The defense industry is ramping up production of masks and ventilators to fight COVID-19, but will it be fast enough?
The Defense Department has begun signing contracts with defense firms to ramp up production of ventilators and N95 respirator masks in short supply around the country, but the medical equipment may not reach hospitals before coronavirus cases peak in the next few weeks
WASHINGTON — The Defense Department has begun signing contracts with defense firms to ramp up production of ventilators and N95 respirator masks in short supply around the country, but the medical equipment may not reach hospitals before coronavirus cases peak in the next few weeks, the Pentagon’s head of acquisition said.
“We will strive to do everything we can before June, but we have no data to address that now,” Under Secretary of Defense for Acquisition and Sustainment Ellen Lord said Tuesday at a media briefing at the Pentagon.
The hastened production is being managed under the Defense Production Act, a law that gives the president authority to protect critical national defense supplies by allowing him to prioritize contracts or provide loans, grants or other economic incentives to accelerate their production.
Through the DPA, the Department of Health and Human Services and the Federal Emergency Management Agency will identify what items are needed and then the Defense Department, through its vast connections with defense industries, will place and manage orders.
But only a few contracts have been executed so far.
Over the weekend, HHS signed a contract with five firms to produce N95 respirator masks, and the Defense Department, under its DPA authority, will now work with those vendors to be able to produce the masks quickly and in large quantities, Pentagon spokesman Air Force Lt. Col. Mike Andrews said.
Asked why the ramp-up for mask production was so late in coming, when the Pentagon had known about the severity of the pandemic for weeks, Lord said the Pentagon had not yet been directed by HHS or FEMA on what were the specific needs.
“They have to give us the demand signal,” Lord said. “Once we get clarity on the demand signal we’ll execute. If you’ll recall, FEMA just got the lead role on Friday.”
“This is all very new,” she said. “I know COVID has been here for several weeks, but this coordination at this level of detail just started on Friday.”
Likewise, the military’s top medic was questioned Tuesday as to why the Defense Department had not obtained more machines to process test kits for deployed forces and get a better picture of the virus’s spread among the military. Although the overall numbers among the 1.3 million active duty are still small, they are quickly climbing, from 49 coronavirus cases on March 18, to 227 on Wednesday.
It will be weeks to months before the machines will be available, said Air Force Brig. Gen. Paul Friedrichs, surgeon general for the Joint Chiefs of Staff.
“We’d love to have had it in January, but we didn’t know the virus was going to be this big of an issue in January,” Friedrichs said.
There were seemingly mixed messages coming from the White House earlier this week on whether the Defense Production Act had been used. President Donald Trump on Tuesday said he had not used it to compel increased production from private manufacturers, who he said are rising to the occasion on their own.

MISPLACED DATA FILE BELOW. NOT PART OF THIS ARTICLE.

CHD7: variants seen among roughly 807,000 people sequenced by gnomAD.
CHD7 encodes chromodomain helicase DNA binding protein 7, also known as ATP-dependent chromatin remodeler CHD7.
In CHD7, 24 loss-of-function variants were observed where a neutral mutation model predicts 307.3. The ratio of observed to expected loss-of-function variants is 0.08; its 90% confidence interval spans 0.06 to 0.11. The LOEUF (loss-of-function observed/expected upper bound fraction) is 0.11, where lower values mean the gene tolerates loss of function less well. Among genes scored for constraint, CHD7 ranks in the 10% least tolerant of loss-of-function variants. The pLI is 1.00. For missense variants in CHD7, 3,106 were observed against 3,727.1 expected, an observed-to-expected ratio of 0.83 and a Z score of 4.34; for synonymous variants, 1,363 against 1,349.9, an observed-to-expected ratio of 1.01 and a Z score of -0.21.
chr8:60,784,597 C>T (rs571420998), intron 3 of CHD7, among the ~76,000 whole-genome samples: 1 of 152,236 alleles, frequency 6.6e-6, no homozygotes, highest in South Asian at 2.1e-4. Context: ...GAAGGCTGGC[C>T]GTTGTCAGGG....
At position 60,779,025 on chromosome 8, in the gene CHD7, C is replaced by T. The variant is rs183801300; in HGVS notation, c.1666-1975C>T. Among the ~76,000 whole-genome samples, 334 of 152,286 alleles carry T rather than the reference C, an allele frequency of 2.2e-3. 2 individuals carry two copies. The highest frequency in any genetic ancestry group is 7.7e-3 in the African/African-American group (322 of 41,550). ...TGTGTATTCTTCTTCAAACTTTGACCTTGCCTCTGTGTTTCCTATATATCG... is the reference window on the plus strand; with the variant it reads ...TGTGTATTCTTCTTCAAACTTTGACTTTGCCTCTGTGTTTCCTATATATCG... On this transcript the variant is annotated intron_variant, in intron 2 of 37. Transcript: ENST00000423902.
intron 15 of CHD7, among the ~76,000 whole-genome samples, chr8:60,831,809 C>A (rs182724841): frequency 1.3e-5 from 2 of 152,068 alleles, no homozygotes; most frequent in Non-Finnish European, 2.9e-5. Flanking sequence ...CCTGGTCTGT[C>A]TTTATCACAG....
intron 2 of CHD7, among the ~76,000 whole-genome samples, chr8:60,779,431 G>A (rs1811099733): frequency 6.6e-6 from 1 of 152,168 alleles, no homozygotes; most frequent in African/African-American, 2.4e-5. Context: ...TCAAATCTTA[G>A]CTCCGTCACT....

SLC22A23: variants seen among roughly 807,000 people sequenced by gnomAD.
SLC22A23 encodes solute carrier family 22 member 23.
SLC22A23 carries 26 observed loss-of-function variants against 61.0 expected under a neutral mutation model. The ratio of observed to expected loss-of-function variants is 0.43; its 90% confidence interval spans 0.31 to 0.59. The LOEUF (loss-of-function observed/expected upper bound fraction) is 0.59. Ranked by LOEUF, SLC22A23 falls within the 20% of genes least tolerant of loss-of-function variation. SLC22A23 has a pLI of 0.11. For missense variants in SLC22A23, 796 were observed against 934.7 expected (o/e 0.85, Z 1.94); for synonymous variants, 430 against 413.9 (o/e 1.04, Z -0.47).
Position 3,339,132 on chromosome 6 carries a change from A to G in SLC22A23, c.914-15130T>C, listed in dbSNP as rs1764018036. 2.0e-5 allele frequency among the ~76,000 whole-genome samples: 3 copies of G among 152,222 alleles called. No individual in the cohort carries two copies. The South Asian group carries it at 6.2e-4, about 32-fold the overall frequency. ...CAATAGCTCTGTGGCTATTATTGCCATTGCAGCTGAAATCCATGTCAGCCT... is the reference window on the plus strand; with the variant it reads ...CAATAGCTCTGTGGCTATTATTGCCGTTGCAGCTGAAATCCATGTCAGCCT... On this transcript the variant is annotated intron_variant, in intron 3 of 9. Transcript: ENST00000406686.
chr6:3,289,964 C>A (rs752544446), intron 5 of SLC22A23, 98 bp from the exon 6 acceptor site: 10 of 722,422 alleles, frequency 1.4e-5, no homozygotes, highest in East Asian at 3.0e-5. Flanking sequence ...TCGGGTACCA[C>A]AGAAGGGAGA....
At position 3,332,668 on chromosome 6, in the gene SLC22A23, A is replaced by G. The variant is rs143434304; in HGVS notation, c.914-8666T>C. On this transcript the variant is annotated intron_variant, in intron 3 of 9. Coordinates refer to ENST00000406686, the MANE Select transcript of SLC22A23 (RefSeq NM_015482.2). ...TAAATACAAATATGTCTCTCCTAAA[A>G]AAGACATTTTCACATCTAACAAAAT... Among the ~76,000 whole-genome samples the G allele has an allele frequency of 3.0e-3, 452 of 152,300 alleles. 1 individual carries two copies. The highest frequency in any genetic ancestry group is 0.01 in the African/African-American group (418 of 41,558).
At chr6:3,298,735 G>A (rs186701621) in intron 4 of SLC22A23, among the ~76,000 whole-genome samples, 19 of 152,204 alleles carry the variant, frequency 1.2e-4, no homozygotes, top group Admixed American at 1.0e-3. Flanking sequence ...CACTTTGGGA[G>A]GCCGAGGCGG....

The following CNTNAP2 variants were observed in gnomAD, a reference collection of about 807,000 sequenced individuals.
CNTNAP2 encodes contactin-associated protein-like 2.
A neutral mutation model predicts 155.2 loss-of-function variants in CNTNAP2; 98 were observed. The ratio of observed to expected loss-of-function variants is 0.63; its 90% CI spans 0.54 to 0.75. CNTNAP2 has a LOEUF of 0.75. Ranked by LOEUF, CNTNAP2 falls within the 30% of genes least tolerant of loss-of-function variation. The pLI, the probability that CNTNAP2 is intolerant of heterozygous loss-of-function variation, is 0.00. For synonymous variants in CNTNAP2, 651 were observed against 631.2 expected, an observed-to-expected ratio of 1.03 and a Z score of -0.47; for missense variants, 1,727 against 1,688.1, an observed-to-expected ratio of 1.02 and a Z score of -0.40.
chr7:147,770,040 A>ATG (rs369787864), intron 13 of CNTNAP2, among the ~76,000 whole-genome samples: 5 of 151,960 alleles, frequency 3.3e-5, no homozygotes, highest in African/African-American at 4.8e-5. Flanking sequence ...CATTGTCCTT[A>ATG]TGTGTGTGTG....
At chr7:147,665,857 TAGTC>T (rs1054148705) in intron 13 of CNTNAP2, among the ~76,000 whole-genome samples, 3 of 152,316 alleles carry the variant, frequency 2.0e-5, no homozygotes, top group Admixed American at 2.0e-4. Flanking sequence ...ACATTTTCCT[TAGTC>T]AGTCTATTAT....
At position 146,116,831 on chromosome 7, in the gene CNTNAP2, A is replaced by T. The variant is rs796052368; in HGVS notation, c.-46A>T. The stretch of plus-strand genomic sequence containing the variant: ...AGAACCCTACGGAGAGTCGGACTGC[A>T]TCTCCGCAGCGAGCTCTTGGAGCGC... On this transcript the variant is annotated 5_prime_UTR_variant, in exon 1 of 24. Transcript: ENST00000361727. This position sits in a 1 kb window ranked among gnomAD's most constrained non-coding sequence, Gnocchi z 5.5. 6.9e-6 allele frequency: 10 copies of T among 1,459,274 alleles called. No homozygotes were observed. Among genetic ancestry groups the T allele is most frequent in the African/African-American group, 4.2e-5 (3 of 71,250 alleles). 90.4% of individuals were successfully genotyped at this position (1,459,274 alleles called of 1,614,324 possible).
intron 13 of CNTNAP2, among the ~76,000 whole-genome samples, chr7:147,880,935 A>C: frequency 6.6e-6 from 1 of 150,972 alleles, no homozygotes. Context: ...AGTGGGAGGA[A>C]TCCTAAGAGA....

“This morning, Ford, 3M, and General Electric Healthcare are making tremendous numbers — they’ve already started — of respirators ventilators and face shields,” Trump told reporters. “They’re working together. We didn’t have to exercise or utilize the DPA in any way. The fact that we have it helps, but we didn’t have to. And for the most part, we won’t have to.”
Lord said it was possible the White House was talking about the broader use of the Act, not the provisions the Pentagon, FEMA and HHS were utilizing to address coronavirus medical supplies. “I think he is talking about broadly using DPA to, in fact, take over private industry. That’s what he has clearly said he is not going to do,” she said. “The White House is very judiciously looking through what segments of DPA they will use.”
Vice President Mike Pence also said the law had been invoked last week, and that FEMA had provided more than 8 million N95 masks and 14 million surgical masks as of Tuesday.
“The president did initiate the Defense Production Act last week, but as the president has reflected many times, we will use the Defense Production Act if we need it to mandate production of — of critical supplies,” Pence said Tuesday. “But so far, no one has said no.”
Trump said Saturday that he had invoked the DPA to provide his administration with “powerful new authorities to help states, cities, and hospitals procure needed supplies.” He also said Tuesday he had invoked the act as legal justification for an executive order prohibiting the hoarding of personal protective equipment.
The administration has come under criticism in recent days for not using the powers of the DPA, now being utilized by the Pentagon, to ramp up production of critical medical supplies.
“Their answer is, we don’t need to do it because companies are coming forward who want to do it, and by the way, I am sure that is true,” New York Gov. Andrew Cuomo said at a press conference, referring to the Trump administration’s view. “It’s just the timeline doesn’t work. I don’t need ventilators in six months, and I don’t need ventilators in five months, four months or three months. And by the way, California is not going to need ventilators in six months. It is now.”
©2020 McClatchy Washington Bureau. Distributed by Tribune Content Agency, LLC.